inbento - With so many reasonably good puzzle titles on the Switch, and with many of them being budget-friendly to boot, it can take some effort to make a splash in the space. With copious amounts of cuteness, charm, simplicity, and variety I have to admit that inbento still managed to make a jaded reviewer smile. Though it has over 100 puzzles if you’re a puzzle vet you’ll still likely work your way through them with some speed, even if to its credit it continues to layer on new elements of complexity to help slow you down the further you get. While perhaps the nature of the puzzles, needing to layer or manipulate pieces in a certain order or way to match your target bento box design, can feel familiar I credit a low asking price and effective presentation with still making it a title worth picking up for either fans of puzzle or just casual games in general.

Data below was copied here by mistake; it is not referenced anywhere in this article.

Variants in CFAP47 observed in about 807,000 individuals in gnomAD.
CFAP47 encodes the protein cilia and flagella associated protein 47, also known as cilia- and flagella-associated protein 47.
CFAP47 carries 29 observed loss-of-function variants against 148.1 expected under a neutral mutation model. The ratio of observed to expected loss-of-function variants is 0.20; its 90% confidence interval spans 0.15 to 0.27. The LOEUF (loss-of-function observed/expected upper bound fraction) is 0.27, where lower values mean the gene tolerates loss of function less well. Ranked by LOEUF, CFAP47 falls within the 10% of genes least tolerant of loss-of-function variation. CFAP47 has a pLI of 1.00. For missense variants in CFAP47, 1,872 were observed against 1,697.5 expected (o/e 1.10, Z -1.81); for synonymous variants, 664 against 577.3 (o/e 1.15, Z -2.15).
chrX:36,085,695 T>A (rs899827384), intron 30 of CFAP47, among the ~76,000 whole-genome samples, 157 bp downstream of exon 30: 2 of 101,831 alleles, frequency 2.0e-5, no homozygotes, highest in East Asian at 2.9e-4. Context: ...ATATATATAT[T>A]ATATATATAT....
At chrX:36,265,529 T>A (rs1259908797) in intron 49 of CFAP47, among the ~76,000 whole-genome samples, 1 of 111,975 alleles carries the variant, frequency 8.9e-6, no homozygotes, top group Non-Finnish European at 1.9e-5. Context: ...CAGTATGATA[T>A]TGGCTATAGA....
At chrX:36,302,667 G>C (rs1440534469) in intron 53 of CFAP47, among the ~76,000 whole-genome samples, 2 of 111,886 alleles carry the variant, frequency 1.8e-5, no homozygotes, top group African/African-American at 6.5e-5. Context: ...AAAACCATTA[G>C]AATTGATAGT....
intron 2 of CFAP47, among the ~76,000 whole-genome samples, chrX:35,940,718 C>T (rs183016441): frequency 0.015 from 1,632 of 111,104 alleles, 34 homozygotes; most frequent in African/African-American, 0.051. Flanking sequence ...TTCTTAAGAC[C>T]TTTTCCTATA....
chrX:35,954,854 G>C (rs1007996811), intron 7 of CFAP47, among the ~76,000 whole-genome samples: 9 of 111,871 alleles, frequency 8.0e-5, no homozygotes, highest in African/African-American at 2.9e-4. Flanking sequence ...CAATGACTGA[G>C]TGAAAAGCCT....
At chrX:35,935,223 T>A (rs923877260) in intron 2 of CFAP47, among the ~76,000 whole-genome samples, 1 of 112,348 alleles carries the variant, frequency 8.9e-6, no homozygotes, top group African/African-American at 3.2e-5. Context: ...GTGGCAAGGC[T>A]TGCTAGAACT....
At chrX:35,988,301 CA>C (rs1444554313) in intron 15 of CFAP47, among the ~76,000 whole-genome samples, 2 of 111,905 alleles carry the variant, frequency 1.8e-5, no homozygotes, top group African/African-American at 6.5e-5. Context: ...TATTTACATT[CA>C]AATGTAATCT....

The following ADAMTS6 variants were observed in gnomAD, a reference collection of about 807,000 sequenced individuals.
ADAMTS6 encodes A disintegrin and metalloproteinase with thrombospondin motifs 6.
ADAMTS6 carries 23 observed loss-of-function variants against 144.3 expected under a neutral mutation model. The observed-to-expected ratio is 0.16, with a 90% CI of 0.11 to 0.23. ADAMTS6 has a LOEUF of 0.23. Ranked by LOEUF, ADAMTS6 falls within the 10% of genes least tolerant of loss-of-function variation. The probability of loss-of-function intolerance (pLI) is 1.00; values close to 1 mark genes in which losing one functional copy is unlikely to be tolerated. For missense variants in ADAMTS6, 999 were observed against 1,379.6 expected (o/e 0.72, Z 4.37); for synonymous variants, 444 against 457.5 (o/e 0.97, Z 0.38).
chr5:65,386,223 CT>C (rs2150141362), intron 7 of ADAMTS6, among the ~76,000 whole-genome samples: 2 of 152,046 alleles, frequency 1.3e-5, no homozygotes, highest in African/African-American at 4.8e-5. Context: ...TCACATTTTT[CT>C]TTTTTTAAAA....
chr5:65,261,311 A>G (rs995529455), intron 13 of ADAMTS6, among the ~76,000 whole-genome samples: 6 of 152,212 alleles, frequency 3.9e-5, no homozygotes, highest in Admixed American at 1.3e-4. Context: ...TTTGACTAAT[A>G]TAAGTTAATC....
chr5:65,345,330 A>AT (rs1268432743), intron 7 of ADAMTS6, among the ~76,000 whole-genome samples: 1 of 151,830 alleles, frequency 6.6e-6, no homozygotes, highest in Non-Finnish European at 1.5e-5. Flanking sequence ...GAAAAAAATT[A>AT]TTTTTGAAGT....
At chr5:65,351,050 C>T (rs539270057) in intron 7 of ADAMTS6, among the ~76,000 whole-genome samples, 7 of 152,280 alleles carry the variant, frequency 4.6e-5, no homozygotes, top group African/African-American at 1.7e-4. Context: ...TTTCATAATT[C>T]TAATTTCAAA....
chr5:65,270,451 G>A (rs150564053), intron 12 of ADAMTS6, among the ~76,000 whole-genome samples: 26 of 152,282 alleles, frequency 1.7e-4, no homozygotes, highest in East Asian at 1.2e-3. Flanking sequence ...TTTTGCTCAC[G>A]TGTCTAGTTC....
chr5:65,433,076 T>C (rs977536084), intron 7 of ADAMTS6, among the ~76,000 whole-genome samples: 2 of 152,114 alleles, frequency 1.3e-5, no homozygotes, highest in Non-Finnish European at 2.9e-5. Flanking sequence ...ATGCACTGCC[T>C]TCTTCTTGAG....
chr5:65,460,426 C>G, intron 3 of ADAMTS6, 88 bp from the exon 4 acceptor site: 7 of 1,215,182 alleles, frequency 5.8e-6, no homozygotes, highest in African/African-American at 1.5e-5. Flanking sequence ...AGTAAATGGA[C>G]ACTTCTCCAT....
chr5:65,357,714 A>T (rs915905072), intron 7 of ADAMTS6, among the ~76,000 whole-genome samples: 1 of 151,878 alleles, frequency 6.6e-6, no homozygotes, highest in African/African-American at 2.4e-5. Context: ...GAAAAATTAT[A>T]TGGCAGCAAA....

Stela - There’s no doubt that among the many influential indie games made over time Limbo is pretty high up there. With a very attractive art style, some solid puzzle and action platforming mechanics, and a dark and pretty compelling story there was a lot to like and it was pretty unique. Since that time there have been quite a few attempts to replicate that sort of formula but aside from Inside, another title made by the same team, there hasn’t been anything else to capture all of the same elements in such a compelling way. There’s no doubt that Stela has a fair number of the pieces of that puzzle in its favor: it’s visually appealing, is mostly mechanically sound, and it has some smart action puzzles, but it’s also lacking in a compelling narrative to really bring it all together. If you don’t mind that component missing there’s enough here to keep you busy for a few hours and aside from some spots where it can be hard to tell where you’re able to go or what you can interact with and how aside from through trial and error it is generally an enjoyable time.